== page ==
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Professional knife sharpeners

Discussion in 'Non-Firearm Weapons' started by frogfurr, Jun 1, 2019.

  1. Taurus 617 CCW

    Taurus 617 CCW Member

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    I purchased the TS Prof sharpening system. It is very similar to the Edge Pro but has more versatility and is much beefier. It was fairly expensive with all the options but I sharpen professionally and it does a great job. I use Edge Pro stones and they last for quite a while. 1.5 years so far.
     
  2. JohnKSa

    JohnKSa Moderator Staff Member

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    The key is not being in a hurry. I see some people sharpening a knife and they're moving the blade at super speed as if they're going to get some kind of award for how fast they swipe it across the stone.

    If you want to maintain a constant angle, you can do it easily by moving the blade slowly over the stone. Do it slowly as long as you need to until it becomes second nature and then you can go faster. Even after years of sharpening, I still move my blade relatively slowly compared to some folks who seem to be almost slashing at the stone when they sharpen.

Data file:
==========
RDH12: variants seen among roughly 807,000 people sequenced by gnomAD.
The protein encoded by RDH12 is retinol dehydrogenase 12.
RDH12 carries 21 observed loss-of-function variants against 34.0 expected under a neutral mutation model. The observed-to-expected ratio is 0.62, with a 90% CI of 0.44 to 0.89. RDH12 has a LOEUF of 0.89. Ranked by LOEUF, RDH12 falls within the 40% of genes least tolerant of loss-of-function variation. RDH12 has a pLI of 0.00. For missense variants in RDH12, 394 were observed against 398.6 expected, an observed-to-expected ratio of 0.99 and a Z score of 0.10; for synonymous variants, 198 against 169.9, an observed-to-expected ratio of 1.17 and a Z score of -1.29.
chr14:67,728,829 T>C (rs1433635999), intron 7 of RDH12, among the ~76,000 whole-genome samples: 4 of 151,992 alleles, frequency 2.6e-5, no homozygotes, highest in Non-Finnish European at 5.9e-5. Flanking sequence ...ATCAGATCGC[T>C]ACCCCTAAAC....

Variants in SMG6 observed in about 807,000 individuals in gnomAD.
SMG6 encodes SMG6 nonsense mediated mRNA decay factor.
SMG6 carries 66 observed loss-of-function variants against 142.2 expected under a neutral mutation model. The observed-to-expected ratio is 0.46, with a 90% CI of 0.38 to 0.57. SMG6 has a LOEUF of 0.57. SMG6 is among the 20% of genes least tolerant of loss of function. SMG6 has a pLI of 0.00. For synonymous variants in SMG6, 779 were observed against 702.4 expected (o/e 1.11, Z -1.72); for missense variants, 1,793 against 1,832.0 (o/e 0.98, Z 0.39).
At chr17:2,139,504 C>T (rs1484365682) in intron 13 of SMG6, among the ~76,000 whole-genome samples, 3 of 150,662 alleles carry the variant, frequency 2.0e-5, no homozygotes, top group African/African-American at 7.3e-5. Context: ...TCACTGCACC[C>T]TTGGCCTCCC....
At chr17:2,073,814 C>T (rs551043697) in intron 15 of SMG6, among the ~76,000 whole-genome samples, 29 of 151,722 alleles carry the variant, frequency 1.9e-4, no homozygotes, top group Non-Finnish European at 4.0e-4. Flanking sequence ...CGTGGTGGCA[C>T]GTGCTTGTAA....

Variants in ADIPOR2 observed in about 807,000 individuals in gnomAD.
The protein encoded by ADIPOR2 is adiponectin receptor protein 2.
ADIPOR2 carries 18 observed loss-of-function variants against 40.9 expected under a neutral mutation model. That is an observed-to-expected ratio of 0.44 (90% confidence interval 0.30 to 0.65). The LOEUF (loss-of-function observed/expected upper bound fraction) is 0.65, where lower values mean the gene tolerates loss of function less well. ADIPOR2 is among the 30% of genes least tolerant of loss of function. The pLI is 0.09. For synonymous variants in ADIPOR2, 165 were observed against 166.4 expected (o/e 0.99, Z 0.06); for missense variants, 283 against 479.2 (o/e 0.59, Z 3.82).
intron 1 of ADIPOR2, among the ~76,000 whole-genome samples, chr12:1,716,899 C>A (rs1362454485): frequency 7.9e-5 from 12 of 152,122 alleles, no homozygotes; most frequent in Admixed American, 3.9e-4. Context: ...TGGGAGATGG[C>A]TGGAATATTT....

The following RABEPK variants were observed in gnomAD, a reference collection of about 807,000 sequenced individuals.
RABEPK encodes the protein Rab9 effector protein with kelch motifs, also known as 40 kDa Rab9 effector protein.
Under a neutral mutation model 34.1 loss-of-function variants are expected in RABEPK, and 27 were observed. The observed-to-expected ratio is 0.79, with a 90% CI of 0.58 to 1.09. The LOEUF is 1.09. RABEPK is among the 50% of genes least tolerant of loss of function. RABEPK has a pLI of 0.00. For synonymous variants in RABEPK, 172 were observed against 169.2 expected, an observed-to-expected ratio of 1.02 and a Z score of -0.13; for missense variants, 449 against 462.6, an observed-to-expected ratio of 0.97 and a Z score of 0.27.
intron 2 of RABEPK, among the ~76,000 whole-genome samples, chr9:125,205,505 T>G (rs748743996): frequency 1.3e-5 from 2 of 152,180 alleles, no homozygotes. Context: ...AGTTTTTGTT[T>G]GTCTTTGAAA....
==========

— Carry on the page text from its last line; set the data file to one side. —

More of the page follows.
If it takes too long to sharpen using this method, then you need a coarser stone to start with . Trying to sharpen a knife with a really fine stone takes a lot of patience. Unless your time is really cheap, you'll be better off getting a coarse stone and starting with it to get the bevels set and then only using the finer grits to polish/finish the process.
     
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  3. Slamfire

    Slamfire Member

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    I want to recommend a magnifying glass. I sharpen by hand, no fixtures. I use diamond stones, like JohnKSa mentioned. I could not get great edges on these modern steels till I used diamond stones.

    Older knives, like this 1976 Queen Stockman, 440A was a premium steel to find on a production knife, and was relatively hard compared to the competition. But, in today's world, it is not that hard and you can sharpen the blades and do a good job with a standard whetstone

    vy47yY4.jpg


    These 1970's Green River knives, they were 420 steel, they were good in their day, you can easily sharpen them with a carborundum stone, or an india stone, because they are fairly soft. They are soft enough that you can get aggressive material removal in a few strokes.

    DMDRSKe.jpg

    This is probably 1095 and it is ridiculously easy to sharpen with a standard whetstone.

    XLD60c1.jpg

    But, once knife makers started using really good steels, such as D2

    1oFiRwp.jpg

    NE1FT6C.jpg

    I found it impossible to set the bevel and keep it from getting rounded with the older stones. Diamond stones really made my edges shine with these modern hard steels. I use coarse diamond stones. I set the bevel with the coarse diamond stone, examining the edge and making corrections based on what I see in the magnifying glass. (I use the one on my SAK)

    qol8jFR.jpg

    With that magnifying lens I can clearly see if I am holding the angle or not.